They came looking for gold. Earlier this year, several dozen unauthorized prospectors, or garimpeiros as they are known in Portuguese, invaded a 1.4 million acre indigenous reserve in Brazil’s remote northern state of Amapá. Soon after they arrived, the corpse of an indigenous leader, Emyra Waiapi, was found riddled with stab wounds and discarded in a river. Tribe members sent desperate messages to local politicians and police, pleading for help. Many already had dark memories of past invasions that had almost wiped them out with infections and violence.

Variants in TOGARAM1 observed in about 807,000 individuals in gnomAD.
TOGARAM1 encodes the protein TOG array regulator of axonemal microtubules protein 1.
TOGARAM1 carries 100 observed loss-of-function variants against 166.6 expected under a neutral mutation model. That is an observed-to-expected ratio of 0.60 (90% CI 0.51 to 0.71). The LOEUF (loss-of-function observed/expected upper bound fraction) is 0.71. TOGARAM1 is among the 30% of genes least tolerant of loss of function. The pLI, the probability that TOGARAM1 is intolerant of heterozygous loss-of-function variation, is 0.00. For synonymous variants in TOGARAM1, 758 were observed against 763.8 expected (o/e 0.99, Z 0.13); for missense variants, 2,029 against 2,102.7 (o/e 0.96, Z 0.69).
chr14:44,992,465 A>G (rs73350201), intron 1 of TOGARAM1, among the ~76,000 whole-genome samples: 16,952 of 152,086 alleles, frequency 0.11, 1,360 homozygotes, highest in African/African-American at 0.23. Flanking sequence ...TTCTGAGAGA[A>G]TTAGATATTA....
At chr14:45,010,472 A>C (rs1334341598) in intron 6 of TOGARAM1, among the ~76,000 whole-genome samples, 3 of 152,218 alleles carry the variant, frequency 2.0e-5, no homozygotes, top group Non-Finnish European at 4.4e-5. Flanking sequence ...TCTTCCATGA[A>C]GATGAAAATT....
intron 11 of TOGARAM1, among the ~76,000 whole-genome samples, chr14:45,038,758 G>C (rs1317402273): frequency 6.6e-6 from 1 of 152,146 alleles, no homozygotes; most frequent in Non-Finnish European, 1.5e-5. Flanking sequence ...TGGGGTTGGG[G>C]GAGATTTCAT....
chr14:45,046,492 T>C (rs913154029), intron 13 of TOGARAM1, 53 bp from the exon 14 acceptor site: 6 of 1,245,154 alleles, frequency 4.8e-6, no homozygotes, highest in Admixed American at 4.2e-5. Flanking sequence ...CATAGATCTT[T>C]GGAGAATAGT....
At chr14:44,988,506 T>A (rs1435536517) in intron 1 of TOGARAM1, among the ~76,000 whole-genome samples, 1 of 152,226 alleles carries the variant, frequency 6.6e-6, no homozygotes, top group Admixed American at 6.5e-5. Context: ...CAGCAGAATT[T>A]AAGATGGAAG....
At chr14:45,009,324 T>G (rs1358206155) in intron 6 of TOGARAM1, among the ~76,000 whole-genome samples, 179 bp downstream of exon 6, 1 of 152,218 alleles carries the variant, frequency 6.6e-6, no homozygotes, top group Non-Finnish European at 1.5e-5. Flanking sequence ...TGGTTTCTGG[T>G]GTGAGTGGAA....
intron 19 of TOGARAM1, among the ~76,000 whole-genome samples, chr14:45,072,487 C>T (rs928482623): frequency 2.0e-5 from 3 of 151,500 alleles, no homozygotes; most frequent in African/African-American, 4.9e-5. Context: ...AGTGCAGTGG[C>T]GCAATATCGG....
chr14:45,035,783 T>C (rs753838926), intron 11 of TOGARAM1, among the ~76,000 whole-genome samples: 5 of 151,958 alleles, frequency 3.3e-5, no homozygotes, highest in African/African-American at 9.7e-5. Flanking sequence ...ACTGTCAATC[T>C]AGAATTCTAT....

Brazil’s protected forest reserves and the people who inhabit them are getting little sympathy from the country’s right-wing president, Jair Bolsonaro. He has referred to indigenous groups as “prehistoric” peoples in need of the civilizing influence of development. Bolsonaro’s environment minister, Ricardo Salles, himself under investigation for violating environmental laws in São Paulo, has dismissed reported violence against indigenous groups as fiction. Since coming into power in 2019, the Bolsonaro administration has systematically deregulated protections of indigenous reserves and reduced spending on public entities like the Institute of the Environment and Renewable Natural Resources (IBAMA) and the National Indigenous Fund (FUNAI), the primary agencies responsible for investigating and prosecuting environmental crimes and protecting indigenous lands.